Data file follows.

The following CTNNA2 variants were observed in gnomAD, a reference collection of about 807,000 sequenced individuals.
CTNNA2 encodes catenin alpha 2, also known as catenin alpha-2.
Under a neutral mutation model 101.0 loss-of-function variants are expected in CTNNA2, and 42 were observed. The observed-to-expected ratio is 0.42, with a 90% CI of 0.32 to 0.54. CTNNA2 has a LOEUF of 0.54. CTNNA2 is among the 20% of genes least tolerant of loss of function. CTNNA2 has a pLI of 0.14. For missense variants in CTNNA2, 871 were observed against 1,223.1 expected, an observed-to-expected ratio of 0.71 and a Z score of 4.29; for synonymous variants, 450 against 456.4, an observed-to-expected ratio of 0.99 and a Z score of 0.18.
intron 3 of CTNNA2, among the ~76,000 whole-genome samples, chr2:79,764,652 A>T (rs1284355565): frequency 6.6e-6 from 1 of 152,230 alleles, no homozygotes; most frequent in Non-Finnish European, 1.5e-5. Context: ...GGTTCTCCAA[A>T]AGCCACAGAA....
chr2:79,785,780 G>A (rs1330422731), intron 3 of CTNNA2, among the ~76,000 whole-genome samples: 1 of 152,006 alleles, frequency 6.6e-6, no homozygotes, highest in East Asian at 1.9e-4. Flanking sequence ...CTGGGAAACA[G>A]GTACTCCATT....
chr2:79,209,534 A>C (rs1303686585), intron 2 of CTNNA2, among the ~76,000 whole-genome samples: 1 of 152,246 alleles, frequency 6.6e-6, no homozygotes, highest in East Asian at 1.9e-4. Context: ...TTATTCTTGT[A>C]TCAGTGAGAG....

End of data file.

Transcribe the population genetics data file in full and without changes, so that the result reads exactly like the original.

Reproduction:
The following CTNNA2 variants were observed in gnomAD, a reference collection of about 807,000 sequenced individuals.
CTNNA2 encodes catenin alpha 2, also known as catenin alpha-2.
Under a neutral mutation model 101.0 loss-of-function variants are expected in CTNNA2, and 42 were observed. The observed-to-expected ratio is 0.42, with a 90% CI of 0.32 to 0.54. CTNNA2 has a LOEUF of 0.54. CTNNA2 is among the 20% of genes least tolerant of loss of function. CTNNA2 has a pLI of 0.14. For missense variants in CTNNA2, 871 were observed against 1,223.1 expected, an observed-to-expected ratio of 0.71 and a Z score of 4.29; for synonymous variants, 450 against 456.4, an observed-to-expected ratio of 0.99 and a Z score of 0.18.
intron 3 of CTNNA2, among the ~76,000 whole-genome samples, chr2:79,764,652 A>T (rs1284355565): frequency 6.6e-6 from 1 of 152,230 alleles, no homozygotes; most frequent in Non-Finnish European, 1.5e-5. Context: ...GGTTCTCCAA[A>T]AGCCACAGAA....
chr2:79,785,780 G>A (rs1330422731), intron 3 of CTNNA2, among the ~76,000 whole-genome samples: 1 of 152,006 alleles, frequency 6.6e-6, no homozygotes, highest in East Asian at 1.9e-4. Flanking sequence ...CTGGGAAACA[G>A]GTACTCCATT....
chr2:79,209,534 A>C (rs1303686585), intron 2 of CTNNA2, among the ~76,000 whole-genome samples: 1 of 152,246 alleles, frequency 6.6e-6, no homozygotes, highest in East Asian at 1.9e-4. Context: ...TTATTCTTGT[A>C]TCAGTGAGAG....